May 17, 2005
Section 404 of SOX
The SEC, in coordination with the PCAOB, attempted to rein in auditors yesterday. This is worth a chuckle.
Congress passed Section 404 of the Sarbanes-Oxley Act of 2002 that requires auditors to check company’s internal controls on financial reporting. This year publicly traded companies had to comply. The open ended mandate of Section 404 has auditing companies telling clients to implement a flood of technical procedures. Companies, afraid of the draconic penalties in the Act for failure to comply and unaware of what compliance is, must listen to their accountants. It is recipe for robbery. (Firms prepare "Perspectives on Internal Control Reporting") The bills, paid to auditors and accountants, have been huge. Revenue at accounting firms (and partners draws) are up.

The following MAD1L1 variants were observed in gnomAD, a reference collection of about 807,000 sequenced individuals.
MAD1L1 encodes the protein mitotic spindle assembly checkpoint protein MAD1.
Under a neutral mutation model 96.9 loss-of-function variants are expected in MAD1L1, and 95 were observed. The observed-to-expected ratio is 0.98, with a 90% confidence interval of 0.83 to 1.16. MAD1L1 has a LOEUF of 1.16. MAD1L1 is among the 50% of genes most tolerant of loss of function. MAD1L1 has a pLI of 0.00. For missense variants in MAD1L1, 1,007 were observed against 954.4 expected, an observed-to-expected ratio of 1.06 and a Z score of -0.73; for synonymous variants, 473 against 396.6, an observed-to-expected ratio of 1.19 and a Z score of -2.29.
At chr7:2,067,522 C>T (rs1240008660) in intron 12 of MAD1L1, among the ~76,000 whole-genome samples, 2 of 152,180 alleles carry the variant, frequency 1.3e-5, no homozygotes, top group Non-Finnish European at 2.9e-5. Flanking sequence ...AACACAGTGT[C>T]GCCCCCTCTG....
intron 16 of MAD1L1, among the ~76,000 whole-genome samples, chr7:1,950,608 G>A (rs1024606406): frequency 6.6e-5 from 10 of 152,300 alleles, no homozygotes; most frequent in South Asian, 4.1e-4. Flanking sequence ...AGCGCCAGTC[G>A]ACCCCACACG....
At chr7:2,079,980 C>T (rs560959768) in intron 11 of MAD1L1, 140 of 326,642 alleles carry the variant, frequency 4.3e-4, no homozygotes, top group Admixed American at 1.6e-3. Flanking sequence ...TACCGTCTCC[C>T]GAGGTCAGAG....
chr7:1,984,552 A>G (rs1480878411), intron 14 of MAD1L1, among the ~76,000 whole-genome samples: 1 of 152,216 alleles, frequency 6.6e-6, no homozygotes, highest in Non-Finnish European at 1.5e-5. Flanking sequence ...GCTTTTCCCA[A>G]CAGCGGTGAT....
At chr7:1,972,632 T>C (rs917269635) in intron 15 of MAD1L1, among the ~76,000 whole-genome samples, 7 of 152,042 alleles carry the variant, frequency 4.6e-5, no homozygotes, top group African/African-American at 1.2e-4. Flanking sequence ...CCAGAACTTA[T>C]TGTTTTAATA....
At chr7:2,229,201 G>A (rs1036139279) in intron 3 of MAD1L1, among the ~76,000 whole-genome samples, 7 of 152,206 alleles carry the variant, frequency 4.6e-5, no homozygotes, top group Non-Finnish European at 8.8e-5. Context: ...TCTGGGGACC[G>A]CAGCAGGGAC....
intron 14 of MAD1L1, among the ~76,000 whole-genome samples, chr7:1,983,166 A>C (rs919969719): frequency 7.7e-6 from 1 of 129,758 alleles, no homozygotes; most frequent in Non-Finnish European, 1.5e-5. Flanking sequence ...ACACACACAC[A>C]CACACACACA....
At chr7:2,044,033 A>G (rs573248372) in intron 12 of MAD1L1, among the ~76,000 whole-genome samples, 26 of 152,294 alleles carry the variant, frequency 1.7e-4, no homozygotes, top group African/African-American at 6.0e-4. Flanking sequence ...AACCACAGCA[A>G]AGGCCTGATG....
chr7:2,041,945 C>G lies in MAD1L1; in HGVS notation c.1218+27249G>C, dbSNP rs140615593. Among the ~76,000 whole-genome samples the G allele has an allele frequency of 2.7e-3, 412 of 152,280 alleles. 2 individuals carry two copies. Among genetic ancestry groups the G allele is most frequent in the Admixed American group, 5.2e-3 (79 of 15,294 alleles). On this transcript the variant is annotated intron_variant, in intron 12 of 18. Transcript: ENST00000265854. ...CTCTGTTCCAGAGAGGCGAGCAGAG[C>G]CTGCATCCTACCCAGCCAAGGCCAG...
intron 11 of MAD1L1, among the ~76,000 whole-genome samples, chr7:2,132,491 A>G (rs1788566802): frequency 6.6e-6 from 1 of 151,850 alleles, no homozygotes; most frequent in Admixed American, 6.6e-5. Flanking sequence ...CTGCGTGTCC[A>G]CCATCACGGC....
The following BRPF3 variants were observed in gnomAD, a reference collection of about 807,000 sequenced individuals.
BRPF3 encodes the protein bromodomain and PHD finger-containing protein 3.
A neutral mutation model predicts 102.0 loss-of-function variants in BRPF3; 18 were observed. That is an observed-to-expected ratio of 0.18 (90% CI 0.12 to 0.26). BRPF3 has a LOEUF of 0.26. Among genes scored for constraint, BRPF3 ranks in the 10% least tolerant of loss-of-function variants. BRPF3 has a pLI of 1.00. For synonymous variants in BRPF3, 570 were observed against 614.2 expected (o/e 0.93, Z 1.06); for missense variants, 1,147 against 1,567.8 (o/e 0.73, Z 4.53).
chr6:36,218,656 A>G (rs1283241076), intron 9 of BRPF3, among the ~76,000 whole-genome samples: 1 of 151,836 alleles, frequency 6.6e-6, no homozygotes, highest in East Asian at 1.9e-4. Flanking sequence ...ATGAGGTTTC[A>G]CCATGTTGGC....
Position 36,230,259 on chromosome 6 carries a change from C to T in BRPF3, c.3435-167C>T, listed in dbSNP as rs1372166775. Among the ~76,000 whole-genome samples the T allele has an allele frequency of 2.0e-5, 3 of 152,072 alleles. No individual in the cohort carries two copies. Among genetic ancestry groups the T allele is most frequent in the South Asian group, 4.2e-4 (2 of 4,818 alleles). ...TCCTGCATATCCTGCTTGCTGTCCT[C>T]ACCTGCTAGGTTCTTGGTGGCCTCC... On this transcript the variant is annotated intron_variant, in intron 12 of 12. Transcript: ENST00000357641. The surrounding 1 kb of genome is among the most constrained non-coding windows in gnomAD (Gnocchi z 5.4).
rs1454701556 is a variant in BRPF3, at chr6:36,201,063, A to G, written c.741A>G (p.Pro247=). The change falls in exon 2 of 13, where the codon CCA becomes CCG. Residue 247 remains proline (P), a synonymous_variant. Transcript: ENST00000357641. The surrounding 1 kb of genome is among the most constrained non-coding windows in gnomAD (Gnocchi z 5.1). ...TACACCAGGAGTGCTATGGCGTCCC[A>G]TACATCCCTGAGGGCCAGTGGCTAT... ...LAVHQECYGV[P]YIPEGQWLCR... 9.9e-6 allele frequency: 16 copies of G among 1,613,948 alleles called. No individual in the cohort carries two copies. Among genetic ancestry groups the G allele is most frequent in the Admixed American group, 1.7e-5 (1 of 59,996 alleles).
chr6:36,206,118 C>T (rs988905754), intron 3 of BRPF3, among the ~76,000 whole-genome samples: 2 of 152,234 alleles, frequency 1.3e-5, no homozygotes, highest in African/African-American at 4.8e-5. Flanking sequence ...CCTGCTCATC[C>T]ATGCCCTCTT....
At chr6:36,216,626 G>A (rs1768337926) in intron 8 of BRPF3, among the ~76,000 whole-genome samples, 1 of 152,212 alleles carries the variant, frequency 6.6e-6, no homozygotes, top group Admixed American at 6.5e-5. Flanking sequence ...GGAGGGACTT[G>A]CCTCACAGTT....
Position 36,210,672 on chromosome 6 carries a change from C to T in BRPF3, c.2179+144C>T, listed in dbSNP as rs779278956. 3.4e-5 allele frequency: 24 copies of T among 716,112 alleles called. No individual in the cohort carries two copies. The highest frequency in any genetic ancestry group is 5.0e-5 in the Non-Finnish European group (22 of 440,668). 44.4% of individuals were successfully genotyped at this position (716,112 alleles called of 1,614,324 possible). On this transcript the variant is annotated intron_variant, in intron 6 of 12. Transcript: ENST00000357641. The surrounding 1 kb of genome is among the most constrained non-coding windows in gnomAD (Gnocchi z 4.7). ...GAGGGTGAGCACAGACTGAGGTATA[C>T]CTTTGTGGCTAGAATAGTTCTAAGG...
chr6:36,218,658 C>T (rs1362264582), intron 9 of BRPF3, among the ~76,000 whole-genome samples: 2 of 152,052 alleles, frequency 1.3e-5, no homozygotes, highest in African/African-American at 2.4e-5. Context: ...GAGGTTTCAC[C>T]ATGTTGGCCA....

Now the SEC is rebuking auditors for an overly technical approach to the rule. What did they expect? Auditors are literal and technical by trade; they will put in technical procedures to give meaning to vague definitions. Vague definitions in financial rules, based by draconian sanctions, will generate reams of technical compliance procedures as companies and their accountants attempt to limit their exposure.
The SEC’s only practical response is to itself create directions on appropriate procedures, which, of course, will enmesh the SEC in the details of proper accounting practices. Wonderful.
May 17, 2005 | Permalink
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